Beyond the 5 Freedoms of Animal Welfare

WDJ’s Training Editor makes a case for considering our dogs’ well-being, rather than just their welfare, when evaluating their quality of life.


The “Five Freedoms,” a set of standards for humane animal care, have long been internationally respected and embraced by animal protection organizations, including the American Society for the Prevention of Cruelty to Animals, Royal Society for the Prevention of Cruelty to Animals, Humane Society of the United States, and many more. The American Humane Association calls the Five Freedoms the gold standard of animal welfare.

The original guidelines were developed in response to a 1965 United Kingdom Government report on livestock husbandry. Each of the Freedoms was followed by a “Provision” that explained how the goal could be met. Initially focused on livestock, the application of these five principles of care has been generalized to include the keeping of companion animals, too.

The Five Freedoms and Correlating Five Provisions

These are the Five Freedoms and Five Provisions as currently accepted worldwide:

  1. Freedom from hunger or thirst, provided by ready access to fresh water and a diet to maintain full health and vigor.
  2. Freedom from discomfort, provided by an appropriate environment, including shelter and a comfortable resting area.
  3. Freedom from pain, injury, or disease, provided by prevention or rapid diagnosis and treatment.
  4. Freedom to express (most) normal behavior, provided by sufficient space, proper facilities, and company of the animal’s own kind.
  5. Freedom from fear and distress, provided by ensuring conditions and treatment that avoid mental suffering.

Many of our agricultural practices still fall short of these standards. Sadly, even many companion-animal-keeping practices fall short in puppy mills, and even in some homes, shelters, and rescues.

An Even More Progressive Model: The Five Domains

More recently, a more progressive approach to animal welfare has been proposed – one that parallels the move toward more dog-friendly dog training. David J. Mellor,Ph.D., Director of the Animal Welfare Science and Bioethics Centre and professor of Animal Welfare Science at Massey University in New Zealand, developed and promotes a set of guidelines he calls the Five Domains. His model emphasizes maximizing our animals’ positive experiences, not just minimizing negative ones. This approach moves beyond animal welfare (taking care of an animal’s basic needs) to the modern, far more progressive and humane concept of animal well-being (ensuring the animal’s quality of life).

In a 2016 paper published in Animals (an international, peer-reviewed, open-access journal devoted entirely to animals, including zoology and veterinary sciences), Dr. Mellor stated, “A marked increase in scientific understanding over the last two decades now shows that the Five Freedoms do not capture, either in the specifics or the generality of their expression, the breadth and depth of current knowledge of the biological processes that are germane to understanding animal welfare and to guiding its management.”

Dr. Mellor more fully described his model in a 2017 paper also published in Animals. “The Five Domains Model is a focusing device to facilitate systematic, structured, comprehensive and coherent assessment of animal welfare,” he wrote. “The purpose of each of the five domains is to draw attention to areas that are relevant to both animal welfare assessment and management.”

Dr. Mellor proposed that there are five domains of critical importance for modern, humane animal keeping.

In order to provide clear guidance on beneficial objectives for animal welfare management, Dr. Mellor described correlating provisions in each of these domains. Here we list his Five Domains, followed by questions we developed to help you assess how well you might be meeting – or falling short of meeting – these provisions when caring for your own dogs.

1: Good Nutrition

Provide ready access to fresh water and a diet to maintain full health and vigor. Minimize thirst and hunger, and enable eating to be a pleasurable experience.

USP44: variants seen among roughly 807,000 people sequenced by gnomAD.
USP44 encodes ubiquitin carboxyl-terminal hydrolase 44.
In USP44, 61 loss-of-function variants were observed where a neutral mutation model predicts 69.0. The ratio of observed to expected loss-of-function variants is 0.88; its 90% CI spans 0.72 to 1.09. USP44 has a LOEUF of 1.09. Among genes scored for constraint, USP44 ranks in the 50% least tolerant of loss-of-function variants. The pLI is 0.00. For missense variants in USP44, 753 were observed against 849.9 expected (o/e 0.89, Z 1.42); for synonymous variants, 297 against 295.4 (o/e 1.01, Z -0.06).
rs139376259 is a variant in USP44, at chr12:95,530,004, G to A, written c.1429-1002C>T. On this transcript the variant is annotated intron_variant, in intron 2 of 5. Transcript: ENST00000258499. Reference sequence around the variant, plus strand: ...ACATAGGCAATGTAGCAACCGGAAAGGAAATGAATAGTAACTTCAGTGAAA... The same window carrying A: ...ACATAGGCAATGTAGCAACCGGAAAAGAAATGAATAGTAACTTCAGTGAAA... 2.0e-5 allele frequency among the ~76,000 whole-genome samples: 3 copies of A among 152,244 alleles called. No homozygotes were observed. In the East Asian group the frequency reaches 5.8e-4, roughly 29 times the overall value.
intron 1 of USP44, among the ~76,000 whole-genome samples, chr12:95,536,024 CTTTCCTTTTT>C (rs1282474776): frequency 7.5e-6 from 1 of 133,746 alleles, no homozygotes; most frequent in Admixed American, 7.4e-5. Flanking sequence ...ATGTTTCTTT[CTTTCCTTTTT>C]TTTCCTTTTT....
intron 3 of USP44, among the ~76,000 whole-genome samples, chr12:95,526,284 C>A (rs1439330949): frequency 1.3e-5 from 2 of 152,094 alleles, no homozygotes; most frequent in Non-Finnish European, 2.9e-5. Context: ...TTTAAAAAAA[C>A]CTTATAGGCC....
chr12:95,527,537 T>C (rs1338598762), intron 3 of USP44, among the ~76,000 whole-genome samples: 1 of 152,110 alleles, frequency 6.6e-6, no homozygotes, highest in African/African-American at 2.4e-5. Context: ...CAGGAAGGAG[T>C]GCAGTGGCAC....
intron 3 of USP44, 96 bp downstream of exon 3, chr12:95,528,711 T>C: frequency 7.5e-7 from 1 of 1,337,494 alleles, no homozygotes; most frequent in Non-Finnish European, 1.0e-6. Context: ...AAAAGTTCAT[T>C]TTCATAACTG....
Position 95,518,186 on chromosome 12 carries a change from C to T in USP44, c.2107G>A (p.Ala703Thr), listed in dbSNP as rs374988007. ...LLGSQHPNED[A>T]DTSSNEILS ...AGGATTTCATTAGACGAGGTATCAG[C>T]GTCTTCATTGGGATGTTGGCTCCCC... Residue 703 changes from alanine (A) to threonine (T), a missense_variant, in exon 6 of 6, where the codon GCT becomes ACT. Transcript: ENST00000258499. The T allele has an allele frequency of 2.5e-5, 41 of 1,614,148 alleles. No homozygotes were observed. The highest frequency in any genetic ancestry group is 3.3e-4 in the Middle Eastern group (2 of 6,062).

Self-assessment: Do you feed a good quality food that is also pleasant to taste for your dog? Do you add extra tasty tidbits, vary his diet and control the presence of any aversives while he eats, perhaps even incorporate scent work with his meals to make sure he has a pleasurable dining experience? Have water accessible at all times (except perhaps when he is sleeping)? Avoid the use of water or food deprivation as a training tool?

2: Good Environment

Provide shade/shelter or suitable housing, good air quality, and comfortable resting areas. Minimize discomfort and exposure, and promote thermal, physical, and other comforts.

Self-assessment: Do you make sure your dog always has access to areas with appropriate/comfortable temperature levels – heat in the winter and air conditioning in the summer? Does he have options to choose for himself how warm or cool he wants to be? If walking with your dog in heat or cold, do you provide various means for him to stay cool or warm as needed, depending on the dog: warm jackets, boots to protect paws from hot pavement, dampening his coat to allow for cooling evaporation?

3: Good Health

Prevent or rapidly diagnose and treat disease and injury, and foster good muscle tone, posture, and cardiorespiratory function. Minimize breathlessness, nausea, pain, and other aversive experiences and promote the pleasures of robustness, vigor, strength, and well-coordinated physical activity.

Self-assessment: Is your dog up-to-date on all necessary prophylactic treatments? Do you seek veterinary care promptly at the first sign of illness or injury? Do you consistently mitigate temporary or long-term pain or discomfort with appropriate analgesics? Is your dog fit, well-exercised, and in good weight, not over-crated or overweight?

4: Appropriate behavior

Provide sufficient space, proper facilities, congenial company, and appropriately varied conditions. Minimize threats and unpleasant restrictions on behavior and promote engagement in rewarding activities.

Self-assessment: Do you allow and encourage your dog to behave like a dog? Does he have regular opportunities to bark, dig, run around, jump on things, play, get wet, get dirty, and otherwise act like a dog – with you, and/or other dogs or individuals of other species, if he enjoys their company?

5: Positive Mental Experiences

Provide safe, congenial, and species-specific opportunities to have pleasurable experiences. Promote various forms of comfort, pleasure, interest, confidence, and a sense of control.

Self-assessment: Do you take him places he likes to go and encourage activities that engage his mind, challenge his creativity, give him choices, spark his curiosity, encourage him to think and problem-solve, build his confidence, and otherwise enhance his enjoyment of life?